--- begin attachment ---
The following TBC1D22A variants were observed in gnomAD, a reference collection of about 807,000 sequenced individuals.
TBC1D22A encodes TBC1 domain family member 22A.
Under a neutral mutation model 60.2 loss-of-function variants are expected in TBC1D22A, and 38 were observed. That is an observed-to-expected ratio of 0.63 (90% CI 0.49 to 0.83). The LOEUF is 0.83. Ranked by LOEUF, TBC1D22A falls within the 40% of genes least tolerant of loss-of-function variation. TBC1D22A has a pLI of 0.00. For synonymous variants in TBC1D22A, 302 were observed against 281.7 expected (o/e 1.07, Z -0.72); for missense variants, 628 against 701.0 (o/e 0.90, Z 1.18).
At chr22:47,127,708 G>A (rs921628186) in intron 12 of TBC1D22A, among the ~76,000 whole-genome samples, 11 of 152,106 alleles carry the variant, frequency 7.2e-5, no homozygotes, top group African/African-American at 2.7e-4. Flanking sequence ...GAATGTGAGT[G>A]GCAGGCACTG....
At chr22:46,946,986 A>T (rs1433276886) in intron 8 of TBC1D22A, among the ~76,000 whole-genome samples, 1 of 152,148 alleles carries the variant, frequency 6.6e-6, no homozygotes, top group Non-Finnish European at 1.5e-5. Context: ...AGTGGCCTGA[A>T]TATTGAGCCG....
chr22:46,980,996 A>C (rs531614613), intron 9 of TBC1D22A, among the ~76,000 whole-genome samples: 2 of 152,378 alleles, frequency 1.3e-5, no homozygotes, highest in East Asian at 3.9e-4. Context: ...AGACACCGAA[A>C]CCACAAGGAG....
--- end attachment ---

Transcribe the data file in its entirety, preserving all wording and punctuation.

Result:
The following TBC1D22A variants were observed in gnomAD, a reference collection of about 807,000 sequenced individuals.
TBC1D22A encodes TBC1 domain family member 22A.
Under a neutral mutation model 60.2 loss-of-function variants are expected in TBC1D22A, and 38 were observed. That is an observed-to-expected ratio of 0.63 (90% CI 0.49 to 0.83). The LOEUF is 0.83. Ranked by LOEUF, TBC1D22A falls within the 40% of genes least tolerant of loss-of-function variation. TBC1D22A has a pLI of 0.00. For synonymous variants in TBC1D22A, 302 were observed against 281.7 expected (o/e 1.07, Z -0.72); for missense variants, 628 against 701.0 (o/e 0.90, Z 1.18).
At chr22:47,127,708 G>A (rs921628186) in intron 12 of TBC1D22A, among the ~76,000 whole-genome samples, 11 of 152,106 alleles carry the variant, frequency 7.2e-5, no homozygotes, top group African/African-American at 2.7e-4. Flanking sequence ...GAATGTGAGT[G>A]GCAGGCACTG....
At chr22:46,946,986 A>T (rs1433276886) in intron 8 of TBC1D22A, among the ~76,000 whole-genome samples, 1 of 152,148 alleles carries the variant, frequency 6.6e-6, no homozygotes, top group Non-Finnish European at 1.5e-5. Context: ...AGTGGCCTGA[A>T]TATTGAGCCG....
chr22:46,980,996 A>C (rs531614613), intron 9 of TBC1D22A, among the ~76,000 whole-genome samples: 2 of 152,378 alleles, frequency 1.3e-5, no homozygotes, highest in East Asian at 3.9e-4. Context: ...AGACACCGAA[A>C]CCACAAGGAG....